The answer is that both of the above are innovations coming out of Irish research centres. Elaine Burke reports from the 2015 Innovation Showcase.
More than 2,000 industry representatives, entrepreneurs, researchers and investors were expected to attend the second annual Innovation Showcase at the Convention Centre Dublin.
12 entrepreneurs with investor-ready big ideas pitched to the audience from the centre of the room, followed by speeches from Government representatives proudly launching their innovation strategy and a directory of R&D supports.
Surrounding the stage, though, were stands from about 50 exhibitors, showcasing the results of their painstaking research and development.
A breakthrough pacemaker powered by the heart
Take Tyndall National Institute, for example, whose CEO Dr Kieran Drain was more than willing to demonstrate a tiny pacemaker powered by kinetic energy from the heart itself.
This pacemaker is a revelation, offering a much smaller and more reliable alternative to today’s battery-powered devices, and an extended product lifetime of up to 40 years.
There’s still up to a decade of research needed to bring this device to the medical market, but that’s the time it takes to make successes from R&D.
“I think we’ve almost 50 people exhibiting today through Enterprise Ireland and Science Foundation Ireland – we’ve probably got 40 different centres,” said Drain. “That’s commercialising work that’s been going on for 10, 20 years. And that’s what it takes to really make these breakthroughs.”
Chips cut out for space exploration
Talking to Tyndall researcher Dr Matthew Smith, I was introduced to the robust electronics required for space exploration.
Smith is working hard to develop transistors that can survive the extreme conditions beyond our Earth, and has so far seen chips similar to those he is working on sent into low-Earth orbit with the European Space Agency’s Proba-V satellite.
The ESA approached Tyndall to investigate and develop a gallium nitride-based (GaN-based) device that could withstand space radiation, and Smith was recently awarded his doctorate for his work on this project.
He’s hoping that the GaN transistors he is working on now will be part of the Jupiter Icy Moon Explorer (JUICE) mission in 2022 and will help to find signs of life beyond our planet – something that would be a dream come true for astrophysics graduate Smith.
Real-time soil and water analysis
Tyndall also showcased a real-time analysis platform that uses microneedle technology and sensors to measure the level of specific nutrients in soil or water run-off and instantly feed back this information to a tablet, smartphone or what have you.
Smart cows collecting data
The agri-food sector is one of Ireland’s most important indigenous industries, which presents a great opportunity for agritech to reach the same giddy heights, and this ambition was on show at the Innovation Showcase.
For example, Connect, the research centre dedicated to developing the networks required to support emerging technology, is involved in an immense collaboration to connect cows to the internet.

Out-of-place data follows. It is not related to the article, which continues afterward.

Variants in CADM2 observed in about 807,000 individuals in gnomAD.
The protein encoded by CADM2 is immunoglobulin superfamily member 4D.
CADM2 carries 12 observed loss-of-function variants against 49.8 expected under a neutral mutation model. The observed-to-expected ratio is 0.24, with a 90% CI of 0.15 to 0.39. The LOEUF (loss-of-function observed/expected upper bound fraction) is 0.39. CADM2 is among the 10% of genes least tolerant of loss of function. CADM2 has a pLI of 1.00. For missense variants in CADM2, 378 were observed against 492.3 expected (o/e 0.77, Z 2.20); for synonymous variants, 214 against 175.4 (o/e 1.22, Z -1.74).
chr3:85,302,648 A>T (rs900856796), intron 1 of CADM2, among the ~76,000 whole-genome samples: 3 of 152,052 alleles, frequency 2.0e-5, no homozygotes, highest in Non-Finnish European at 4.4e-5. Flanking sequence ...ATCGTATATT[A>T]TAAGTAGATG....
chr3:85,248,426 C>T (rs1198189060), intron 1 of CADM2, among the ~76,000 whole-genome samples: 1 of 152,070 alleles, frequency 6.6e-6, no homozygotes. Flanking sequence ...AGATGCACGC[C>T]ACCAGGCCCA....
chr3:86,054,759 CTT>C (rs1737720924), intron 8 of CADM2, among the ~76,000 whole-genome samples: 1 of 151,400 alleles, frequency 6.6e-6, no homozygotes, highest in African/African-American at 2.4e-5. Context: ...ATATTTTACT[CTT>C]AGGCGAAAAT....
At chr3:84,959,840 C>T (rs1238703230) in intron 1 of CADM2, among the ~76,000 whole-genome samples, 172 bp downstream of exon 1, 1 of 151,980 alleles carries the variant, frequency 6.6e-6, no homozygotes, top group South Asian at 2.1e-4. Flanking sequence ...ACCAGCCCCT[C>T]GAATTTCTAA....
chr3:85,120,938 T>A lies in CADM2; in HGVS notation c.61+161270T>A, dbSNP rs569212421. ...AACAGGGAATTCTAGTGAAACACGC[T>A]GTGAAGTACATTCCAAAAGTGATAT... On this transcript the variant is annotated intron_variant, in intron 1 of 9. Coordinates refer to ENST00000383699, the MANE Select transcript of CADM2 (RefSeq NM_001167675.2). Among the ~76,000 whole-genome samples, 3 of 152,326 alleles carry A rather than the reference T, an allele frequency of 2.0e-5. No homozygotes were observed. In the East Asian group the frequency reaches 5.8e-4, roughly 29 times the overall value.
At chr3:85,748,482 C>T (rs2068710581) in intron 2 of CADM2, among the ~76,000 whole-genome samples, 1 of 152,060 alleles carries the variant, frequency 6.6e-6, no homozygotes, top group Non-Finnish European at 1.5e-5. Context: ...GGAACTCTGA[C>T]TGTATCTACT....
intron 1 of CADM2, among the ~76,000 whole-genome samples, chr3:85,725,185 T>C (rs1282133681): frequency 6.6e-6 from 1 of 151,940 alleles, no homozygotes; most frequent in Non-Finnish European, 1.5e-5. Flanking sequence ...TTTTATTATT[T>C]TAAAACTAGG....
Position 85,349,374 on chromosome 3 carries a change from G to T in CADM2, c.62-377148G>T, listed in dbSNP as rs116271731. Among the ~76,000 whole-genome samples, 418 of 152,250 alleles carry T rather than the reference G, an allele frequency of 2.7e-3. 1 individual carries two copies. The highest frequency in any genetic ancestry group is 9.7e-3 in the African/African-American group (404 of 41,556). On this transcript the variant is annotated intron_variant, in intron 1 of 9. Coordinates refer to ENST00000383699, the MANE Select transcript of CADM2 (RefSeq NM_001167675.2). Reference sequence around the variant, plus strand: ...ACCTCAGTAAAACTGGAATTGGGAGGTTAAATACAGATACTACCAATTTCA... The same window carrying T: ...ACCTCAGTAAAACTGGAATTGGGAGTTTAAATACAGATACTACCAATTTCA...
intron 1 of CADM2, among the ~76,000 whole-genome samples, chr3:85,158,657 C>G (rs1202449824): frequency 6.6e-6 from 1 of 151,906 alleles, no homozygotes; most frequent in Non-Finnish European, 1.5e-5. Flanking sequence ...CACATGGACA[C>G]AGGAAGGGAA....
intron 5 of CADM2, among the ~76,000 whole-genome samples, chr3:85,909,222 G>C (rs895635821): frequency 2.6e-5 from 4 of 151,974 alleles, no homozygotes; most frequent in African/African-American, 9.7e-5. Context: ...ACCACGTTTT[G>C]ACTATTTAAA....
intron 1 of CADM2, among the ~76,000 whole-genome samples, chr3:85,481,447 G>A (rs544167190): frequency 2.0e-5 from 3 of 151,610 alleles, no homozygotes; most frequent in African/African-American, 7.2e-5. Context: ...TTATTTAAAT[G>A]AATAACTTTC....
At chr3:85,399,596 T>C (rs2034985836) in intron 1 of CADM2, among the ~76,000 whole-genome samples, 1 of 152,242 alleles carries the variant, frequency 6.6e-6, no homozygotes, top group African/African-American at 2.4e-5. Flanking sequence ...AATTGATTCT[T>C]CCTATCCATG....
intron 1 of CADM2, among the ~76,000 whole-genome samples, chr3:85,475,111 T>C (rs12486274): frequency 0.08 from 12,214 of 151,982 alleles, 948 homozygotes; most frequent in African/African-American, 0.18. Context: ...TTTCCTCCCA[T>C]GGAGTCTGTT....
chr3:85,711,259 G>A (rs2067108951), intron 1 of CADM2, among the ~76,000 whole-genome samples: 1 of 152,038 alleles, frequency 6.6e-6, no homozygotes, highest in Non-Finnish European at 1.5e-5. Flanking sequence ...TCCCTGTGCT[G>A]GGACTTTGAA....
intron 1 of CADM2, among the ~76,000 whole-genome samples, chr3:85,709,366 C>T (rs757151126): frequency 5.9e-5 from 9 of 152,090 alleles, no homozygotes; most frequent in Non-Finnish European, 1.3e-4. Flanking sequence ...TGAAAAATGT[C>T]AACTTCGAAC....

This is part of the internet of things drive where any ‘thing’ – including livestock – can be equipped with sensors collecting and communicating useful data over the internet.
Blanket IoT coverage for Ireland
Dr Frank Smyth, executive director at Connect, explained how this helps to protect farmers’ investment, keeping them updated on how their cattle are doing without the need to trek into the field and check on each cow individually.
However, one of the biggest challenges in connecting everything to the internet is providing the kind of infrastructure that can support the transmission of data from a cow in a field in the middle of nowhere.
Connect is hoping to deploy a dedicated IoT network in the near future to provide for this.
“We’re hoping to make Ireland the first country that’s blanketed in IoT coverage in the world,” said Smyth.
“Essentially, that will allow new businesses, new innovation around the area of internet of things. We bascially provide the network, the backbone infrastructure, and end users and companies come along with their sensors, their devices, their things and can hook them on to the network.”
Having fun with industrial design
Amid all the incredible future-focused technology on show at the Innovation Showcase, I was happy to encounter a fun slice of innovation from graduates of the National College of Art and Design (NCAD).
Fabian Strunden and Robert Wylie put their industrial design skills to work in building the Innobot, a Simon Says-style game requiring a good memory to keep up.
Even the great minds at this event found the Innobot challenging, but feedback was generally positive as the game added an element of fun to the event, which was organised by Enterprise Ireland on behalf of the Department of Jobs, Enterprise and Innovation, with support from IDA Ireland and Science Foundation Ireland.
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